Vandetanib treatment significantly prolongs progression-free survival in patients with medullary thyroid carcinoma (MTC), however, careful monitoring is essential since it can cause serious cardiovascular side effects such as hypertensive crisis and arrhythmias due to prolonged QTc, as illustrated by a case report published in Cureus.

The approval of vandetanib for the treatment of MTC was based on the results of randomized controlled clinical trials that showed that it considerably prolongs progression-free survival. 

Here, a team of researchers led by Timothy Vittorio, MD, attending cardiologist at BronxCare Cardiology Practice in New York, presented the case of an 83-year-old woman with advanced metastatic MTC. The patient was being treated with vandetanib at a dose of 300 mg per day. She developed hyponatremia, prolongation of QTc, ventricular fibrillation, and torsades de pointes. Her treatment was stopped, which led to no recurrence of torsades de pointes.


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“This is the second such case report in the literature,” first author Shoaib Ashraf, MD, and the coauthors of the study wrote. They concluded that vandetanib should be withheld until QTc is lower than 450 ms and resumed at a reduced dose once this happens.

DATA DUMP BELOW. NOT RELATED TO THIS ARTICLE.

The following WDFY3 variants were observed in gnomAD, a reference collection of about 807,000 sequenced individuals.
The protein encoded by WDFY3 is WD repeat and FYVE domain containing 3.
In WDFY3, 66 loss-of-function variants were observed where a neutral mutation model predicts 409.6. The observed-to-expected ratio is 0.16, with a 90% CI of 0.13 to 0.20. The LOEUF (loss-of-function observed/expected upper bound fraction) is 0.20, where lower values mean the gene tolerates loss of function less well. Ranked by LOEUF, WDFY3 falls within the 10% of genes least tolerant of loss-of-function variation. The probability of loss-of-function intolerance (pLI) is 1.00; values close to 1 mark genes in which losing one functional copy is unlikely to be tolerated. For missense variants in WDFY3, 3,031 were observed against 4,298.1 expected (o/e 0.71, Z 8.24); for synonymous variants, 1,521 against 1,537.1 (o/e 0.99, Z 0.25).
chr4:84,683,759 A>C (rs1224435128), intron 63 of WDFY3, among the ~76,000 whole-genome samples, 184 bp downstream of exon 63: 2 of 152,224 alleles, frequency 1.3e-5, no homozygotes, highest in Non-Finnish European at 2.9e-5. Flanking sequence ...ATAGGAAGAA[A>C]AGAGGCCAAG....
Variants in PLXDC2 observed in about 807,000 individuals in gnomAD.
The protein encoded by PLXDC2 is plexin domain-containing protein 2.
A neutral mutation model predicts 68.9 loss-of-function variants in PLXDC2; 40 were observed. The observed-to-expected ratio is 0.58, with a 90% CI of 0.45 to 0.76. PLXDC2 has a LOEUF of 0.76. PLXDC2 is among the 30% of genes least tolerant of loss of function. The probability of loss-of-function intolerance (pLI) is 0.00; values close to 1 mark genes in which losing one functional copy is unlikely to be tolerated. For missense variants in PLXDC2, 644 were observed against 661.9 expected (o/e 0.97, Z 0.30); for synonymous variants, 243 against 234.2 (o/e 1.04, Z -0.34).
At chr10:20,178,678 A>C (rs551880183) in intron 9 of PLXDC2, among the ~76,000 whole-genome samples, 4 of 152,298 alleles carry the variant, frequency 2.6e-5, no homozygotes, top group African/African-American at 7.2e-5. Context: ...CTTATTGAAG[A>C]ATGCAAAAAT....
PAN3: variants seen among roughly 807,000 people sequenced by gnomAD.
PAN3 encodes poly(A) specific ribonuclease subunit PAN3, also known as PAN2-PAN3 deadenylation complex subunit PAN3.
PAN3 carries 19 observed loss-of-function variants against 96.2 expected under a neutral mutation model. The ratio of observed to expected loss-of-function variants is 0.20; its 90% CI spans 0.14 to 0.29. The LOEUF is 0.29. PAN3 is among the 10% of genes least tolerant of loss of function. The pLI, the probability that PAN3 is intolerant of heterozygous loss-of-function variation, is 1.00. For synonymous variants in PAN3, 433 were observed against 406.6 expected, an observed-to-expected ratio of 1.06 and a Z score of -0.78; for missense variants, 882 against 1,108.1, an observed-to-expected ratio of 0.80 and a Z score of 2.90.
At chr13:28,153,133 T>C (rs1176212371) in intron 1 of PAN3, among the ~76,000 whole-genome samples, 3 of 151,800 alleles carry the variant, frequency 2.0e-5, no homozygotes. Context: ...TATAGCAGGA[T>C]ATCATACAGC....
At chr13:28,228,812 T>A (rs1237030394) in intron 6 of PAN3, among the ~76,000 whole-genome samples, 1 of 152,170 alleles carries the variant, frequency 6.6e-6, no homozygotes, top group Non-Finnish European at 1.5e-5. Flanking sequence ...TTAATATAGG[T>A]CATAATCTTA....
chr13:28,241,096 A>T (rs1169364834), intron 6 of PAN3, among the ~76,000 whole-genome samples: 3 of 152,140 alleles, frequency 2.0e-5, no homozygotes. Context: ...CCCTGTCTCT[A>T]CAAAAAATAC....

Medullary thyroid carcinoma is a rare cancer of the thyroid gland that arises from the parafollicular or C cells. The prognosis of the disease remains poor, especially in advanced stages.

Read more about MTC prognosis

Vandetanib is a tyrosine kinase inhibitor that has selective activity against the proto-oncogene protein RET, vascular endothelial growth factor receptor 2, and epidermal growth factor receptor. It works by blocking angiogenesis and cell proliferation, and it is indicated for the treatment of symptomatic or progressive MTC that is unresectable, locally advanced, or metastatic.

Torsades de pointes is a life-threatening arrhythmia that can lead to sudden death.

Reference

Ashraf S, Shah N, Saad M, Jyala A, Vittorio TJ. Vandetanib-induced hyponatremia and torsades de pointes: a case report. Cureus. 2022;14(4):e24556. doi:10.7759/cureus.24556